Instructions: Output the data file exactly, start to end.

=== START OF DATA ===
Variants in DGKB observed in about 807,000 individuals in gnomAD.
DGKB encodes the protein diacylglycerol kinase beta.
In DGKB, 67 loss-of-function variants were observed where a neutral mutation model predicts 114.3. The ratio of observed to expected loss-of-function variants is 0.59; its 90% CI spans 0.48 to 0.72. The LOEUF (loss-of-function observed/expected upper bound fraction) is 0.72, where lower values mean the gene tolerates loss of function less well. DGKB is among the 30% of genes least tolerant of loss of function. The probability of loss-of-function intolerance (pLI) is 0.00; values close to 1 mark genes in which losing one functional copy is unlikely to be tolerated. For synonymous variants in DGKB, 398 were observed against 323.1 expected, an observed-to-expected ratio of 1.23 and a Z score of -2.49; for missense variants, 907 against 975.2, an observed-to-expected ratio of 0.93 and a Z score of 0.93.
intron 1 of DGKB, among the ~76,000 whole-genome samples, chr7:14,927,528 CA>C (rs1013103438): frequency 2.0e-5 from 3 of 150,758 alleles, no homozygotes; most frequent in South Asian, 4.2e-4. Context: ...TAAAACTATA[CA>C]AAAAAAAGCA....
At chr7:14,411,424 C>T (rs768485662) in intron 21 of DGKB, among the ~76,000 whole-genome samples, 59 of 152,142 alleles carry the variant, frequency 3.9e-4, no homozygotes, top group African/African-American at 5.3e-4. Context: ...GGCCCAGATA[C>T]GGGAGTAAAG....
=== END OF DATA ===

Variants in DGKB observed in about 807,000 individuals in gnomAD.
DGKB encodes the protein diacylglycerol kinase beta.
In DGKB, 67 loss-of-function variants were observed where a neutral mutation model predicts 114.3. The ratio of observed to expected loss-of-function variants is 0.59; its 90% CI spans 0.48 to 0.72. The LOEUF (loss-of-function observed/expected upper bound fraction) is 0.72, where lower values mean the gene tolerates loss of function less well. DGKB is among the 30% of genes least tolerant of loss of function. The probability of loss-of-function intolerance (pLI) is 0.00; values close to 1 mark genes in which losing one functional copy is unlikely to be tolerated. For synonymous variants in DGKB, 398 were observed against 323.1 expected, an observed-to-expected ratio of 1.23 and a Z score of -2.49; for missense variants, 907 against 975.2, an observed-to-expected ratio of 0.93 and a Z score of 0.93.
intron 1 of DGKB, among the ~76,000 whole-genome samples, chr7:14,927,528 CA>C (rs1013103438): frequency 2.0e-5 from 3 of 150,758 alleles, no homozygotes; most frequent in South Asian, 4.2e-4. Context: ...TAAAACTATA[CA>C]AAAAAAAGCA....
At chr7:14,411,424 C>T (rs768485662) in intron 21 of DGKB, among the ~76,000 whole-genome samples, 59 of 152,142 alleles carry the variant, frequency 3.9e-4, no homozygotes, top group African/African-American at 5.3e-4. Context: ...GGCCCAGATA[C>T]GGGAGTAAAG....